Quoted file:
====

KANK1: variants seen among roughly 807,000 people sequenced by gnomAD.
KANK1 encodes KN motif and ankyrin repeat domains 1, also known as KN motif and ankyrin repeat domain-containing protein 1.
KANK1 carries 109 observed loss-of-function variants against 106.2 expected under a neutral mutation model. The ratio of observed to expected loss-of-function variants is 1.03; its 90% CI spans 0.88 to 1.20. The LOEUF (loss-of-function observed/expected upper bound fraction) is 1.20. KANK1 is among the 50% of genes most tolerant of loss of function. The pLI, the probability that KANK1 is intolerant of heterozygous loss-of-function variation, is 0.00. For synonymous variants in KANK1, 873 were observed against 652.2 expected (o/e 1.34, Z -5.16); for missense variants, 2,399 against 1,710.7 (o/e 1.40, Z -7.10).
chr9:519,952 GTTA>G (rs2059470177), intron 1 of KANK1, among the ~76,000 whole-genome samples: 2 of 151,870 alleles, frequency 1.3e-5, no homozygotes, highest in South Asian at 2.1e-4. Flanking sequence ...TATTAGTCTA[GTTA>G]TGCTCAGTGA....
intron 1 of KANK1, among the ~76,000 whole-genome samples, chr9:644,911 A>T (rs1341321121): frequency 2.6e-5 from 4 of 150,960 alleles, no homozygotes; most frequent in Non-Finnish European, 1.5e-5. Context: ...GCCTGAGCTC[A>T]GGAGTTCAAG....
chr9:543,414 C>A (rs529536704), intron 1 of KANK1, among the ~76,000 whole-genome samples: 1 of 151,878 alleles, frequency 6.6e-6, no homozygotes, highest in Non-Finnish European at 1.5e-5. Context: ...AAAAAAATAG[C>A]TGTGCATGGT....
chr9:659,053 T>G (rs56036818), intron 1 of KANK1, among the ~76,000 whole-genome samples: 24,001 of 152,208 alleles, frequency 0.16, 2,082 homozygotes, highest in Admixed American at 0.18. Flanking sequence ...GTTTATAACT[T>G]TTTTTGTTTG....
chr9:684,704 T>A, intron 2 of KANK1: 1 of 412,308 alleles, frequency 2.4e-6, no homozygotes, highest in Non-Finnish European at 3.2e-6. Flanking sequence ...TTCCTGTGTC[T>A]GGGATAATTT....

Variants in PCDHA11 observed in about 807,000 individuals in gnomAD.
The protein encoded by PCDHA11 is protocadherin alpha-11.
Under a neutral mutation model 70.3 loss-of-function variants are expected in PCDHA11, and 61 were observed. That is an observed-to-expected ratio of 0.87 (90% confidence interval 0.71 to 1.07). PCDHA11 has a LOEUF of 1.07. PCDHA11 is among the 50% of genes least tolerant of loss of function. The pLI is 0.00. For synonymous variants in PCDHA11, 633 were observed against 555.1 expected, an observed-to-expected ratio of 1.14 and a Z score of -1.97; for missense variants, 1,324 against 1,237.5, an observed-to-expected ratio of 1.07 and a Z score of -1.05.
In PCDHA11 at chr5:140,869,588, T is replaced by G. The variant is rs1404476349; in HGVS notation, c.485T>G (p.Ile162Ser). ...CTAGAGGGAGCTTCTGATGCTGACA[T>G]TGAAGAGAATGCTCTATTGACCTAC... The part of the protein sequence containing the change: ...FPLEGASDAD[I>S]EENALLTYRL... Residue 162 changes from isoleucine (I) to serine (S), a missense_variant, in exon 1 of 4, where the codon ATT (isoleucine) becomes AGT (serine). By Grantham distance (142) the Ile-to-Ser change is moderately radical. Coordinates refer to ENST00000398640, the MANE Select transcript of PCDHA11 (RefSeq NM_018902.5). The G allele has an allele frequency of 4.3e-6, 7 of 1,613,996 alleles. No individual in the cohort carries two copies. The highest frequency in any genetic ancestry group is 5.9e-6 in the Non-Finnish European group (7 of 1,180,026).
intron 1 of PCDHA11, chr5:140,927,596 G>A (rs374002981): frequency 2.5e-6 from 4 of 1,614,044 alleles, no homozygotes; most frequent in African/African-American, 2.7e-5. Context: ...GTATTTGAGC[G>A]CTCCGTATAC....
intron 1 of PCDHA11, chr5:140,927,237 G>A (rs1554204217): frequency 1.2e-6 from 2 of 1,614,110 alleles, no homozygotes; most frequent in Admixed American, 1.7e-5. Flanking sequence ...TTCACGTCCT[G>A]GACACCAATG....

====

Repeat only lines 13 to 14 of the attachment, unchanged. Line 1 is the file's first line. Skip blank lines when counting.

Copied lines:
intron 1 of PCDHA11, chr5:140,927,596 G>A (rs374002981): frequency 2.5e-6 from 4 of 1,614,044 alleles, no homozygotes; most frequent in African/African-American, 2.7e-5. Context: ...GTATTTGAGC[G>A]CTCCGTATAC....
intron 1 of PCDHA11, chr5:140,927,237 G>A (rs1554204217): frequency 1.2e-6 from 2 of 1,614,110 alleles, no homozygotes; most frequent in Admixed American, 1.7e-5. Flanking sequence ...TTCACGTCCT[G>A]GACACCAATG....